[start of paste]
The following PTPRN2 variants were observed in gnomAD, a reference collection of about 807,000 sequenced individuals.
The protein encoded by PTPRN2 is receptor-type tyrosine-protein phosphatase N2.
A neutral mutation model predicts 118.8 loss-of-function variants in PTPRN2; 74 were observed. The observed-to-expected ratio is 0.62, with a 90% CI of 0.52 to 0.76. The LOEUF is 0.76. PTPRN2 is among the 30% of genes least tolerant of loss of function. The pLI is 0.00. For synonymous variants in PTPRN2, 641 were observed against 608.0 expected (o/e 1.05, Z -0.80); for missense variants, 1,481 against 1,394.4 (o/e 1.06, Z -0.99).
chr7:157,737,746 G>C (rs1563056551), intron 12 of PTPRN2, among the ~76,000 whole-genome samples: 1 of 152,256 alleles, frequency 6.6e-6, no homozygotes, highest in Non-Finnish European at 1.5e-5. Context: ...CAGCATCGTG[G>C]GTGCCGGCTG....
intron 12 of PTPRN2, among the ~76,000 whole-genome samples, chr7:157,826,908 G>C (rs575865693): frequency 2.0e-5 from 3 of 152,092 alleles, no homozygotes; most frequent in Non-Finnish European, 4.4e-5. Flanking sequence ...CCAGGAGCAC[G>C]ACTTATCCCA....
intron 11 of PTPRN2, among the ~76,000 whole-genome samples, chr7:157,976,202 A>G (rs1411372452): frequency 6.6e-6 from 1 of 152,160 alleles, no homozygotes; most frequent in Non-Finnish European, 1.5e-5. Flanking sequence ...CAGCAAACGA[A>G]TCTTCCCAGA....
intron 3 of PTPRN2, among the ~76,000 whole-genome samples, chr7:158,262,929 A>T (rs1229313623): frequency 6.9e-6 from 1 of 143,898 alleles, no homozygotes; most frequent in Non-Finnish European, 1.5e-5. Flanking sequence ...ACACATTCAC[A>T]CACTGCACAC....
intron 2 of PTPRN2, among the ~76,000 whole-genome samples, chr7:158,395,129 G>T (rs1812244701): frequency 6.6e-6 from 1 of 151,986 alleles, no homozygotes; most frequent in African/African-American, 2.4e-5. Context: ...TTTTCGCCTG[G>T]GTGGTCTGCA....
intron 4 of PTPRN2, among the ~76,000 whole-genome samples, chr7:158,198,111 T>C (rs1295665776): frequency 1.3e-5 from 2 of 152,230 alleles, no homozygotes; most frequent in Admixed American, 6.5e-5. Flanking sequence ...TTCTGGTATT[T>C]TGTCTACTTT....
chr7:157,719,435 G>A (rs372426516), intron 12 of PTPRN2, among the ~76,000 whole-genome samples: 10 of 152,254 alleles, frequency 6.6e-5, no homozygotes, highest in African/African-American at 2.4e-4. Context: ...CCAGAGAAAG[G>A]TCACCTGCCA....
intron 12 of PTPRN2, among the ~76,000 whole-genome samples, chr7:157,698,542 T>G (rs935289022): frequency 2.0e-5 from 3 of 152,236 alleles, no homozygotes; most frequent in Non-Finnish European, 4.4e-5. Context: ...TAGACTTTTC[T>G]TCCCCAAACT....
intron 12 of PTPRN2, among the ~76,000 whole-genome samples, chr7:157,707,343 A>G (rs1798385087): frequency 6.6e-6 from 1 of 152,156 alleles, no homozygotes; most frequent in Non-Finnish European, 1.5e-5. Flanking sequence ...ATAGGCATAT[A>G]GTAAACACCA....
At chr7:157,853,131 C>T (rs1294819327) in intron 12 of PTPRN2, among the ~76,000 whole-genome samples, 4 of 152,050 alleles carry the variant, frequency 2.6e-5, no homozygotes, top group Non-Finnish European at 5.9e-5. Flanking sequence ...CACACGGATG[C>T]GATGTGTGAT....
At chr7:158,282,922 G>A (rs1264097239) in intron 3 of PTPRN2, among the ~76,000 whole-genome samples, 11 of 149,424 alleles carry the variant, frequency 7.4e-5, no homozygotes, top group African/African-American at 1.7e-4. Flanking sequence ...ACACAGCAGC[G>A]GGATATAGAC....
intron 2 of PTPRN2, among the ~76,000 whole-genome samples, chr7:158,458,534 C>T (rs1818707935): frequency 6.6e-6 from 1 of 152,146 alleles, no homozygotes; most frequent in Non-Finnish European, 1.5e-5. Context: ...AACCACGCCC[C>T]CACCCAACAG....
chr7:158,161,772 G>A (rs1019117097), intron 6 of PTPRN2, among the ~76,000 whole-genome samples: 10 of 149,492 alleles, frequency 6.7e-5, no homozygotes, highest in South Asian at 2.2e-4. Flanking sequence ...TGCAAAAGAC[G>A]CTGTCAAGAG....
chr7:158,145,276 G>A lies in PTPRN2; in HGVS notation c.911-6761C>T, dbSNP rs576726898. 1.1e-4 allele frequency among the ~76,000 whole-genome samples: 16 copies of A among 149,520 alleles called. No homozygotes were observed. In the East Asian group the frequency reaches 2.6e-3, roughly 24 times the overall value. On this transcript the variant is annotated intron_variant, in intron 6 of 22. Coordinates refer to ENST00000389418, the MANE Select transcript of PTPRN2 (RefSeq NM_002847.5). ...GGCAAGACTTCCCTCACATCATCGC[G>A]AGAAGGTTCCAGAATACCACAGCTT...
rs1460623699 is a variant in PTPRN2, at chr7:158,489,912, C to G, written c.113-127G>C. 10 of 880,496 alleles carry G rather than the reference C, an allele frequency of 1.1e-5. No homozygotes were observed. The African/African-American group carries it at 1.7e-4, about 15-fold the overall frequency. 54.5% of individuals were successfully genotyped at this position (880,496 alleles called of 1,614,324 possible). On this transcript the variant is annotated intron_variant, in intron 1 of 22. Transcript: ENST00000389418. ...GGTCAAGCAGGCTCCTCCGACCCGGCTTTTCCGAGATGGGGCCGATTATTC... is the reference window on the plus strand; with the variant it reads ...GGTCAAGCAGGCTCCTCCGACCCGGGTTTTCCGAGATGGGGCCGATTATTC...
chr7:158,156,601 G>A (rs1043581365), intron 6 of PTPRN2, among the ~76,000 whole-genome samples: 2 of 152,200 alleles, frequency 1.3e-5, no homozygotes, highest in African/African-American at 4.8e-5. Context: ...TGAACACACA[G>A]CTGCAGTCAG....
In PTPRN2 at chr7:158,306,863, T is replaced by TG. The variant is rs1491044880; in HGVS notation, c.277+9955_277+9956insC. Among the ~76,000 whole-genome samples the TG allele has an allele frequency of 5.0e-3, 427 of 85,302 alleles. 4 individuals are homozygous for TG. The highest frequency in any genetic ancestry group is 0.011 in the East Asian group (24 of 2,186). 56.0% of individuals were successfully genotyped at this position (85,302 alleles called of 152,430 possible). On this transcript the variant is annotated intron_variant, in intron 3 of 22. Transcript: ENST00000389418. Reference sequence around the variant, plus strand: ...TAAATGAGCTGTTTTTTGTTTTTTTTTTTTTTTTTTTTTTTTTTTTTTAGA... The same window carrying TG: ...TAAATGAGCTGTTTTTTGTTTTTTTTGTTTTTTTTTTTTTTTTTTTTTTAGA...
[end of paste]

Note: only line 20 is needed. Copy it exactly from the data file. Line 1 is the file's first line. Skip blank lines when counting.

In PTPRN2 at chr7:158,306,863, T is replaced by TG. The variant is rs1491044880; in HGVS notation, c.277+9955_277+9956insC. Among the ~76,000 whole-genome samples the TG allele has an allele frequency of 5.0e-3, 427 of 85,302 alleles. 4 individuals are homozygous for TG. The highest frequency in any genetic ancestry group is 0.011 in the East Asian group (24 of 2,186). 56.0% of individuals were successfully genotyped at this position (85,302 alleles called of 152,430 possible). On this transcript the variant is annotated intron_variant, in intron 3 of 22. Transcript: ENST00000389418. Reference sequence around the variant, plus strand: ...TAAATGAGCTGTTTTTTGTTTTTTTTTTTTTTTTTTTTTTTTTTTTTTAGA... The same window carrying TG: ...TAAATGAGCTGTTTTTTGTTTTTTTTGTTTTTTTTTTTTTTTTTTTTTTAGA...